It’s no secret that Intel struggled to match AMD’s 16-core mainstream desktop CPUs with its previous mainstream offerings and had to completely rethink its approach to CPU design to beat the likes of the Ryzen 9 5950X. The answer was to mix different types of cores to boost lightly threaded and multi-threaded performance. By combining this approach with a move from 14nm to a smaller 10nm manufacturing process, plus a new architecture, Intel finally regained its performance lead with the Core i9-12900K.
It has eight performance-orientated P-Cores and eight power-efficient E-Cores, with the latter being four more than the Core i7-12700K. These four extra cores also give it four more threads than the Core i7, at 24 versus20, plus it has an extra 5MB of L3 cache and 2MB more L2 cache. This monster CPU is capable of matching or bettering the most powerful high-end desktop CPUs Intel has made for its aging LGA2066 socket too.
This comes at a price, though, and at around $550, the 12900K is pricier than any AMD CPU on test this month. This means it needs to match or better the Ryzen 7 5800X3D in games, which costs $100 less, and do the same with the mighty Ryzen 9 5950X, but in content creation, with that CPU costing a little under $500.
You’ll need some potent cooling for this CPU, plus a decent power supply. We saw our system draw over 300W when the CPU was under load, which is nearly 100W more than our AMD system with the Ryzen 9 5950X and nearly 50W more than with the Ryzen 7 5800X3D, and the 12900K runs hot as well.
It didn’t disappoint, though, beating the Ryzen 9 5950X in every test except when the latter was overclocked, where it was slightly better in Cinebench’s multi-threaded test. Meanwhile, its RealBench system score was second only to the Core i9-12900KS. In games it was a mixed bag, though, with Far Cry 6 seeing the Ryzen 9 5950X offer an extra one or two frames per second on the 99th percentile frame rate, but the Intel chip was nearly 10fps faster on the average frame rate. The Ryzen 7 5800X3D was much faster in this game, however, adding 12fps to the 99th percentile frame rate. Even overclocking the P-Cores to 5GHz and the E-Cores to 4GHz didn’t see it beat the AMD CPU. Watch Dogs: Legion favored the Intel chip, though, and here the Core i9-12900K was a little faster than the Ryzen 7 5800X3D.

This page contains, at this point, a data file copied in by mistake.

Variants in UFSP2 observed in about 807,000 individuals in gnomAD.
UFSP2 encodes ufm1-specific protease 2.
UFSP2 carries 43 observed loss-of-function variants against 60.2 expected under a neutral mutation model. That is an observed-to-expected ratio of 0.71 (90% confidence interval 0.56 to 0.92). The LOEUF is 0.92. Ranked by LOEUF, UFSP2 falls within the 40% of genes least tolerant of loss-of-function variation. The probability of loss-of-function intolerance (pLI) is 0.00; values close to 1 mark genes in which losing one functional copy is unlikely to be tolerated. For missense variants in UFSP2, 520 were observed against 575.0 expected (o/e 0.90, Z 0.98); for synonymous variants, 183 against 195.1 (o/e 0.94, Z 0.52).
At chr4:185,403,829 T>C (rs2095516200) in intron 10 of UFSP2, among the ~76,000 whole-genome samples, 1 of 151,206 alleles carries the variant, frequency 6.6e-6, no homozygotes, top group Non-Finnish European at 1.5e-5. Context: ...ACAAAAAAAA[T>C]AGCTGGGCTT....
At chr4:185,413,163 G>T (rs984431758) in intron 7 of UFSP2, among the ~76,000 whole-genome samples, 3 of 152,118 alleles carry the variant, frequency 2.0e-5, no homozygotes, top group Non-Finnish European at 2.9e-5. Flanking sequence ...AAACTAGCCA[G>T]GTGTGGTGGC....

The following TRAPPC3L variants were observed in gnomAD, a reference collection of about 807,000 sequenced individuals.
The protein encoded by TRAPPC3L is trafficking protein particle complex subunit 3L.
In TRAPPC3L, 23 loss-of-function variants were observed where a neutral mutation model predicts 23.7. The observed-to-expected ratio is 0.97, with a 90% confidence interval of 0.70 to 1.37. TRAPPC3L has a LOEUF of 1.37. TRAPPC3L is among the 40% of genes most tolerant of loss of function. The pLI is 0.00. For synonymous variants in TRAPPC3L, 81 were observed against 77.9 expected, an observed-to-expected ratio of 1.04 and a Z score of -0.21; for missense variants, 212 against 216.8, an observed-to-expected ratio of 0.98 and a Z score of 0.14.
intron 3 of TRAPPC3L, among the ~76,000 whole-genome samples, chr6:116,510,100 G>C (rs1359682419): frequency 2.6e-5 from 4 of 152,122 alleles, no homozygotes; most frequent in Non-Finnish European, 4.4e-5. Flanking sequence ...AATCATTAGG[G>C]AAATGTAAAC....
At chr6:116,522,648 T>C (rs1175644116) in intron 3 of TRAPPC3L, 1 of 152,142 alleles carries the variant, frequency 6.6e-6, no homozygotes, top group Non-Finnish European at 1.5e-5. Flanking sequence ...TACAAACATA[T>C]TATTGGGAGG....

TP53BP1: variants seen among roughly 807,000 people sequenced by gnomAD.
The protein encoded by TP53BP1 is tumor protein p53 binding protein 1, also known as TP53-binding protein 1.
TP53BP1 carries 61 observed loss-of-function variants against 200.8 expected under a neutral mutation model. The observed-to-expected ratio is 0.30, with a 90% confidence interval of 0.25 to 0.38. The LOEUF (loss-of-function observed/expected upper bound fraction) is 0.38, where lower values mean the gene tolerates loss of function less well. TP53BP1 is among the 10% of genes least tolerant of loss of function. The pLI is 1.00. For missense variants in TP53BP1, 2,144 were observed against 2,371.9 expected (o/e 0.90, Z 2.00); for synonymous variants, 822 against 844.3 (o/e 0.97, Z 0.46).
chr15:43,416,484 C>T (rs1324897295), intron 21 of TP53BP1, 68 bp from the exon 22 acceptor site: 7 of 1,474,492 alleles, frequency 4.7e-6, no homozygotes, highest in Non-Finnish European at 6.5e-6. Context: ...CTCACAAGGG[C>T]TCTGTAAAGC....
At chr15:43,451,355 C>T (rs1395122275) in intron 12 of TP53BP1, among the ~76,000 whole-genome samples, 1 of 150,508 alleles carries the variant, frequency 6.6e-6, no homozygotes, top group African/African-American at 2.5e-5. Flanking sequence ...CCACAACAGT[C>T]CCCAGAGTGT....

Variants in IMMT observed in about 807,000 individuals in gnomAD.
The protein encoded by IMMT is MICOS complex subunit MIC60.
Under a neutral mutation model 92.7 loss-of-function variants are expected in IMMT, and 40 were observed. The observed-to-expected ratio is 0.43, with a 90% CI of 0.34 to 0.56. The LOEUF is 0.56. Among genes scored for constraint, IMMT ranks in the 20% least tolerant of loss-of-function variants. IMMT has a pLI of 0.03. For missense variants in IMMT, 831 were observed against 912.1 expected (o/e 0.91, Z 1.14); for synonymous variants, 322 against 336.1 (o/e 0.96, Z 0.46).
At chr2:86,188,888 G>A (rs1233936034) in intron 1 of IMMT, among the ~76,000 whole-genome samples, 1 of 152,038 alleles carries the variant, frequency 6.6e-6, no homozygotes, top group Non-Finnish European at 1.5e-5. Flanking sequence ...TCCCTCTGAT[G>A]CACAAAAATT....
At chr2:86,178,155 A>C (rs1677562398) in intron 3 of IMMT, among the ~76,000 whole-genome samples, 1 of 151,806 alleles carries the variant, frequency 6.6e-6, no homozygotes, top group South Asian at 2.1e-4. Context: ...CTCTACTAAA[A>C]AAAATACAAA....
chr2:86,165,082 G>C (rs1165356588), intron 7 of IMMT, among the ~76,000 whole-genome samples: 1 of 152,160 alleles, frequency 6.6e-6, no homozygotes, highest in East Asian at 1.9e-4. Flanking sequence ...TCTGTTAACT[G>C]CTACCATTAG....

The Ryzen 7 5800X3D was much faster in this game, however, adding 12fps to the 99th percentile frame rate. Even overclocking the P-Cores to 5GHz and the E-Cores to 4GHz didn’t see it beat the AMD CPU. Watch Dogs: Legion favored the Intel chip, though, and here the Core i9-12900K was a little faster than the Ryzen 7 5800X3D.
Base frequency P-Core 3.4GHz, E-Core 2.5GHz Max boost frequency P-Core 5.5GHz, E-Core 4GHz Core Alder Lake Manufacturing process 10nm Number of cores 8 x P-Cores, 8 x E-Cores (24 threads) IGP Intel UHD Graphics 770 Hyper-Threading Yes Cache 30MB L3, 14MB L2 Memory controller Dual-channel DDR4 and DDR5 Packaging LGA1700 Thermal design power (TDP) 150W Features Thermal Velocity Boost, Turbo Boost Max Technology 3, Turbo Boost 2, FMA3, F16C, SHA, BMI / BMI1 + BMI2, AVX-512, AVX2, AVX, AES, SSE4a, SSE4, SSSE3, SSE3, SSE2, SSE, MMX
As we mentioned in the Core i7-12700K review, the Core i9-12900K is geared towards those who have plenty of cash to burn and want both top-notch gaming and content creation performance. However, the Core i9-12900K doesn’t bag you any noticeable improvements in most games; it’s only in content creation that its additional E-Cores help it edge out a lead.
The Ryzen 7 5800X3D is certainly a worthy alternative for gaming, being faster in Far Cry 6, and it can slot into old AM4 boards too, but it was much slower in heavily multi-threaded content creation work. The Core i9-12900K isn’t a CPU that many of us need, or can even afford, but it’s never far from the top of the performance graphs. If you have the money fora super-fast CPU, it delivers the goods.
+ Pros + Good gaming performance + Much faster than Ryzen 7 5800X3D in content creation + Better than Ryzen 9 5950X overall -Cons - Power-hungry - Needs substantial cooling - Expensive